Interleukin 31 is an inflammatory cytokine produced by activated CD4+ T lymphocytes, in particular activated TH2 helper cells, mast cells, macrophages, and dendritic cells. It major sites of action are the skin, lung, intestine and the nervous system.[6] Hence IL-31 main role is to facilitate cell-mediated immunity against pathogens.

IL-31 and its receptors are also involved in regulating hematopoietic progenitor cell homeostasis.[4]

Clinical significance

IL-31 is believed to play a role in chronic inflammation diseases.[2][5] One of these diseases is atopic dermatitis, or eczema. When biopsy samples of patients with atopic dermatitis were compared to samples from patients without atopic dermatitis, levels of IL-31 were elevated in patients with atopic dermatitis. IL-31 plays a role in this disease by inducing chemokine genes CCL1, CCL17, and CCL22.[4] The chemokines transcribed from these genes recruit T-cells to the irritated skin where they secrete more IL-31. This cycle is the current understanding of IL-31's role in atopic dermatitis. Along with atopic dermatitis, IL-31 is believed to play a role in inflammatory bowel disease and airway hypersensitivity.[4]

Pruritic forms of inflammatory skin diseases, or itchy skin diseases, have been found to have elevated levels of IL-31 mRNA in patient biopsies.[4] Analysis of the tissue distribution of the IL-31 receptor complex found that IL-31RA is abundant in dorsal root ganglia of different human tissues.[4] Dorsal root ganglia is where the cell bodies of primary sensory neurons reside. Dorsal root ganglia are also believed to be where the "itch" sensation originates.[4] These findings support the elevated levels of IL-31 in skin biopsies of pruritic skin diseases.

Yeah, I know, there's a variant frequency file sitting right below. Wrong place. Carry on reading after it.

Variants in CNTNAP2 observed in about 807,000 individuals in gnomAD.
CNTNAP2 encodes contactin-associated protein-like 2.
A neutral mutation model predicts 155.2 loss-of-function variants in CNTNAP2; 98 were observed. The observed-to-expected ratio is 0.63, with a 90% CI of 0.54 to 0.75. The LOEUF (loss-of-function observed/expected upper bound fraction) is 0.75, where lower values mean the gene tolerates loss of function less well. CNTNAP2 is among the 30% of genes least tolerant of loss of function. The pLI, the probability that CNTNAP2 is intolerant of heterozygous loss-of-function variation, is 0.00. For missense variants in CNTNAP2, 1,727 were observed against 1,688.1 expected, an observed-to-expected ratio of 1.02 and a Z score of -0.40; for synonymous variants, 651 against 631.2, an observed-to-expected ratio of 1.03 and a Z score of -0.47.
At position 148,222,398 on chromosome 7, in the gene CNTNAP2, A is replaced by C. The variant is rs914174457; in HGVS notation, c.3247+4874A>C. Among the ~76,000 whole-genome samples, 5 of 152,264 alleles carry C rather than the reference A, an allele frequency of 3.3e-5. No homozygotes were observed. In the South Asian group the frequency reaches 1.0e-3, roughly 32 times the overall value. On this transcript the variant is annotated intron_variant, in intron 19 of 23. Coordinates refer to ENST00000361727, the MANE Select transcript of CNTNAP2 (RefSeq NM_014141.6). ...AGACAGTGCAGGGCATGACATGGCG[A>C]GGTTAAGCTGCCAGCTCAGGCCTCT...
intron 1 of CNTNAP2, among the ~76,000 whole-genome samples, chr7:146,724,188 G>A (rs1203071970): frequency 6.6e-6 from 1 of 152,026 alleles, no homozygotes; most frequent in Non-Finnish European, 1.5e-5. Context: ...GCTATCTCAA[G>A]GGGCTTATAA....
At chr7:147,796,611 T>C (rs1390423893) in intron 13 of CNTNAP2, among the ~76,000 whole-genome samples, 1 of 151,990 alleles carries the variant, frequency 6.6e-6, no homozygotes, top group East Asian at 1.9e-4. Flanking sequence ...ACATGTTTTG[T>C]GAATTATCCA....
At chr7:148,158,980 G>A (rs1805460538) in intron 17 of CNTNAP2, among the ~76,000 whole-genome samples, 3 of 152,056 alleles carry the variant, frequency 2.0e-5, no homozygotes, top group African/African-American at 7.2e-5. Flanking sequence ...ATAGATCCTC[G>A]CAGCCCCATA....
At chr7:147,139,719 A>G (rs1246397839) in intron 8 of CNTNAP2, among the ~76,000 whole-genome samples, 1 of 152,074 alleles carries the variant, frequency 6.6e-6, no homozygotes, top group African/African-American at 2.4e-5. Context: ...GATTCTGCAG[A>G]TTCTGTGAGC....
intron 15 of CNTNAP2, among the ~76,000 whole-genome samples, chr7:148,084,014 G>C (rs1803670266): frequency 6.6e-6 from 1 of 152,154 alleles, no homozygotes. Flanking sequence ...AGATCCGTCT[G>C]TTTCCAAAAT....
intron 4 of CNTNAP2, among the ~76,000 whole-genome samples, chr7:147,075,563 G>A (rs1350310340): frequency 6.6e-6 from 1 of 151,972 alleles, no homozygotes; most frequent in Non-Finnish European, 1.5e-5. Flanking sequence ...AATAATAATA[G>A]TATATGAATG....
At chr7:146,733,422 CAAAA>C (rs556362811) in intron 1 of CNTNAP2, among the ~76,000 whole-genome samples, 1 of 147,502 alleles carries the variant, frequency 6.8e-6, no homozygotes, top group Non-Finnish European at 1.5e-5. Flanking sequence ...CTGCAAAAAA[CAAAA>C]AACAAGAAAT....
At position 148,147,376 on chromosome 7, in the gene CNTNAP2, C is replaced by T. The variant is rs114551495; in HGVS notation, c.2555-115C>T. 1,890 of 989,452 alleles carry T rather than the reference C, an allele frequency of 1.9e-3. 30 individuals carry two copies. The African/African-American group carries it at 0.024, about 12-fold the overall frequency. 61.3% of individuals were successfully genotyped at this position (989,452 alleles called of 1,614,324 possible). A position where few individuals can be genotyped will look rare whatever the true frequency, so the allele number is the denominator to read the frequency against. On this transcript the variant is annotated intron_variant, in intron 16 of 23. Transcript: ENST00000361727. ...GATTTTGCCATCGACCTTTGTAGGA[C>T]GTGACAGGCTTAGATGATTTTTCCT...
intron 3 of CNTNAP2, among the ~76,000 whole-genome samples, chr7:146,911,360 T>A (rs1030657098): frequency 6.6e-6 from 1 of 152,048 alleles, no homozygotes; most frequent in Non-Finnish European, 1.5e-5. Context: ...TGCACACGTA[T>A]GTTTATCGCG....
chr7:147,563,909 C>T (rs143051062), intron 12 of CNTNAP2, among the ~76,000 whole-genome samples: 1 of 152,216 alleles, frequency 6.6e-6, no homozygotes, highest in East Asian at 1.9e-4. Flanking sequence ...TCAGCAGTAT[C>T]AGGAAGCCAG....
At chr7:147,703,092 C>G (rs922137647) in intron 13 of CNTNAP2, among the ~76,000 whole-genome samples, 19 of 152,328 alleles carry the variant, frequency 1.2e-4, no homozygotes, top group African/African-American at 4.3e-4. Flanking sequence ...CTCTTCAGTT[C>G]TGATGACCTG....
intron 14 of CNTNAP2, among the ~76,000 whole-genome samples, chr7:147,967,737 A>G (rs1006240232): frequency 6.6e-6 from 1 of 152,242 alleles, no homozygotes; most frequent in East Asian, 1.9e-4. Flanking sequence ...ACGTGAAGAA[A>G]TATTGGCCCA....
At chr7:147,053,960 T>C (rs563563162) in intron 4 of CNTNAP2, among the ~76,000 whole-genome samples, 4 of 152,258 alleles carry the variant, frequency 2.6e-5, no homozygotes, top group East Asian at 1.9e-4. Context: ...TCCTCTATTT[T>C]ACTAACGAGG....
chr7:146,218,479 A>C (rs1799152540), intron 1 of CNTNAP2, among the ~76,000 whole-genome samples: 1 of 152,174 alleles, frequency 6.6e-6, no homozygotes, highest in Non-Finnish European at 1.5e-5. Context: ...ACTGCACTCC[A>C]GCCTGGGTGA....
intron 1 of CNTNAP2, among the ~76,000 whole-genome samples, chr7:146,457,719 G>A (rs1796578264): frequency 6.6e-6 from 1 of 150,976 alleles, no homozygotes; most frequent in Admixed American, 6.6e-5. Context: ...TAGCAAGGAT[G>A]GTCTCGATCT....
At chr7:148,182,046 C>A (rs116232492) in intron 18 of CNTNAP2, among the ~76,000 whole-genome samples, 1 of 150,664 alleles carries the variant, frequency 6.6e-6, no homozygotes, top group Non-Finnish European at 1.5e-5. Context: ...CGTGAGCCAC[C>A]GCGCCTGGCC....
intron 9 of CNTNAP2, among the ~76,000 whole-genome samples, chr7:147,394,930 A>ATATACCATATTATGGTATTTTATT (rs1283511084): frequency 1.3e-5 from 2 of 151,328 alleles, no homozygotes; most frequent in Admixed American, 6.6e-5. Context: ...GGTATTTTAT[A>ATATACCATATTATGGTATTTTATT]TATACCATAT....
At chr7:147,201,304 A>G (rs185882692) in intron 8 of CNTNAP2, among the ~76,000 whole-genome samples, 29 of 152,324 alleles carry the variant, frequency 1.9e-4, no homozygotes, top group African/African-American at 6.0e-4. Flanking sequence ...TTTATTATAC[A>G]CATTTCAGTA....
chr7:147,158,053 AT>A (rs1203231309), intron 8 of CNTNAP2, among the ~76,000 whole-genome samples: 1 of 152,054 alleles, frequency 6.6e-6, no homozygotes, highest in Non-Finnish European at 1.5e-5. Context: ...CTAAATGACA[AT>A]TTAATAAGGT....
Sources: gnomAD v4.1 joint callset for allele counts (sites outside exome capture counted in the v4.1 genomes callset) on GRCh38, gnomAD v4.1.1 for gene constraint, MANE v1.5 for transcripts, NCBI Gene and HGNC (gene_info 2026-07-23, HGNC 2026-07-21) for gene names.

A monoclonal antibody against IL-31 named Lokivetmab is available for the treatment of canine atopic dermatitis.[7]


  1. 1.0 1.1 "Entrez Gene: interleukin 31".
  2. 2.0 2.1 Dillon SR, Sprecher C, Hammond A, Bilsborough J, Rosenfeld-Franklin M, Presnell SR, et al. (July 2004). "Interleukin 31, a cytokine produced by activated T cells, induces dermatitis in mice". Nature Immunology. 5 (7): 752–60. doi:10.1038/ni1084. PMID 15184896.
  3. 3.00 3.01 3.02 3.03 3.04 3.05 3.06 3.07 3.08 3.09 3.10 3.11 3.12 3.13 3.14 3.15 Cornelissen C, Lüscher-Firzlaff J, Baron JM, Lüscher B (June 2012). "Signaling by IL-31 and functional consequences". European Journal of Cell Biology. 91 (6–7): 552–66. doi:10.1016/j.ejcb.2011.07.006. PMID 21982586.
  4. 4.0 4.1 4.2 4.3 4.4 4.5 4.6 4.7 4.8 Zhang Q, Putheti P, Zhou Q, Liu Q, Gao W (October 2008). "Structures and biological functions of IL-31 and IL-31 receptors". Cytokine & Growth Factor Reviews. 19 (5–6): 347–56. doi:10.1016/j.cytogfr.2008.08.003. PMC 2659402. PMID 18926762.
  5. 5.0 5.1 Rabenhorst A, Hartmann K (April 2014). "Interleukin-31: a novel diagnostic marker of allergic diseases". Current Allergy and Asthma Reports. 14 (4): 423. doi:10.1007/s11882-014-0423-y. PMID 24510535.
  6. Hermanns HM (2015). "Oncostatin M and interleukin-31: Cytokines, receptors, signal transduction and physiology". Cytokine & Growth Factor Reviews. 26 (5): 545–58. doi:10.1016/j.cytogfr.2015.07.006. PMID 26198770.
  7. Hilde Moyaert et al.: A blinded, randomized clinical trial evaluationg the efficacy and safety of lokivetmab compared to ciclosporin in client owned dogs with atopic dermatitis. In: Vet. Dermatology, September 2017 doi:10.1111/vde.12478